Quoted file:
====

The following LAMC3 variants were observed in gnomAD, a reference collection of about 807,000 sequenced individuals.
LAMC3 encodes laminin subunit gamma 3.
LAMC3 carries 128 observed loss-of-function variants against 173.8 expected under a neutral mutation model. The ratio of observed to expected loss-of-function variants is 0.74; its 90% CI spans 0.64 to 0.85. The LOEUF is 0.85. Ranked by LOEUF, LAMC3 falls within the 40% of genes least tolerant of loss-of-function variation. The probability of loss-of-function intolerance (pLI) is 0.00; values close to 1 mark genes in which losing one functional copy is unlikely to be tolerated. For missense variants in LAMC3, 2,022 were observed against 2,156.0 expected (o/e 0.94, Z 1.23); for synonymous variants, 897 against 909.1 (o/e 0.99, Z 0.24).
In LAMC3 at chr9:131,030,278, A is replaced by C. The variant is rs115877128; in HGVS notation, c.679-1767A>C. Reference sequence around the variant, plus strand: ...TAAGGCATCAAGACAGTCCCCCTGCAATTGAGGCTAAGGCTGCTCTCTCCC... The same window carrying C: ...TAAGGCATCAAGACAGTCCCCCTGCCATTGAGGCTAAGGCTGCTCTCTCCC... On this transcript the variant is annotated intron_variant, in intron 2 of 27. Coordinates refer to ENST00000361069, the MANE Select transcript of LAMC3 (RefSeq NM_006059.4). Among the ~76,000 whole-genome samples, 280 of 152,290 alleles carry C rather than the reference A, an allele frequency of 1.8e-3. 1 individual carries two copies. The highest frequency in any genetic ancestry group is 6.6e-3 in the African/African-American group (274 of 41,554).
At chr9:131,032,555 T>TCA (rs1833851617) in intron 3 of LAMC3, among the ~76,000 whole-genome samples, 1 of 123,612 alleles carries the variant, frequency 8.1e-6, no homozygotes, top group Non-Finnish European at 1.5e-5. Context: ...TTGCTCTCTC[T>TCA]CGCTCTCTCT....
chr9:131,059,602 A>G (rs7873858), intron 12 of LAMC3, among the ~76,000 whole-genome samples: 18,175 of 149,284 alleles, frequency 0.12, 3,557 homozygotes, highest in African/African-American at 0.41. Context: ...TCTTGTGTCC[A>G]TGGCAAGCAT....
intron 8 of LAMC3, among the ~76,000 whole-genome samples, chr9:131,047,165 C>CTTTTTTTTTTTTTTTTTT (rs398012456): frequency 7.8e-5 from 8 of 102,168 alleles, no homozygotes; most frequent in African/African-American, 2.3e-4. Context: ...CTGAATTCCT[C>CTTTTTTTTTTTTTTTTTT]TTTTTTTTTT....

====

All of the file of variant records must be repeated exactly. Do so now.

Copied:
The following LAMC3 variants were observed in gnomAD, a reference collection of about 807,000 sequenced individuals.
LAMC3 encodes laminin subunit gamma 3.
LAMC3 carries 128 observed loss-of-function variants against 173.8 expected under a neutral mutation model. The ratio of observed to expected loss-of-function variants is 0.74; its 90% CI spans 0.64 to 0.85. The LOEUF is 0.85. Ranked by LOEUF, LAMC3 falls within the 40% of genes least tolerant of loss-of-function variation. The probability of loss-of-function intolerance (pLI) is 0.00; values close to 1 mark genes in which losing one functional copy is unlikely to be tolerated. For missense variants in LAMC3, 2,022 were observed against 2,156.0 expected (o/e 0.94, Z 1.23); for synonymous variants, 897 against 909.1 (o/e 0.99, Z 0.24).
In LAMC3 at chr9:131,030,278, A is replaced by C. The variant is rs115877128; in HGVS notation, c.679-1767A>C. Reference sequence around the variant, plus strand: ...TAAGGCATCAAGACAGTCCCCCTGCAATTGAGGCTAAGGCTGCTCTCTCCC... The same window carrying C: ...TAAGGCATCAAGACAGTCCCCCTGCCATTGAGGCTAAGGCTGCTCTCTCCC... On this transcript the variant is annotated intron_variant, in intron 2 of 27. Coordinates refer to ENST00000361069, the MANE Select transcript of LAMC3 (RefSeq NM_006059.4). Among the ~76,000 whole-genome samples, 280 of 152,290 alleles carry C rather than the reference A, an allele frequency of 1.8e-3. 1 individual carries two copies. The highest frequency in any genetic ancestry group is 6.6e-3 in the African/African-American group (274 of 41,554).
At chr9:131,032,555 T>TCA (rs1833851617) in intron 3 of LAMC3, among the ~76,000 whole-genome samples, 1 of 123,612 alleles carries the variant, frequency 8.1e-6, no homozygotes, top group Non-Finnish European at 1.5e-5. Context: ...TTGCTCTCTC[T>TCA]CGCTCTCTCT....
chr9:131,059,602 A>G (rs7873858), intron 12 of LAMC3, among the ~76,000 whole-genome samples: 18,175 of 149,284 alleles, frequency 0.12, 3,557 homozygotes, highest in African/African-American at 0.41. Context: ...TCTTGTGTCC[A>G]TGGCAAGCAT....
intron 8 of LAMC3, among the ~76,000 whole-genome samples, chr9:131,047,165 C>CTTTTTTTTTTTTTTTTTT (rs398012456): frequency 7.8e-5 from 8 of 102,168 alleles, no homozygotes; most frequent in African/African-American, 2.3e-4. Context: ...CTGAATTCCT[C>CTTTTTTTTTTTTTTTTTT]TTTTTTTTTT....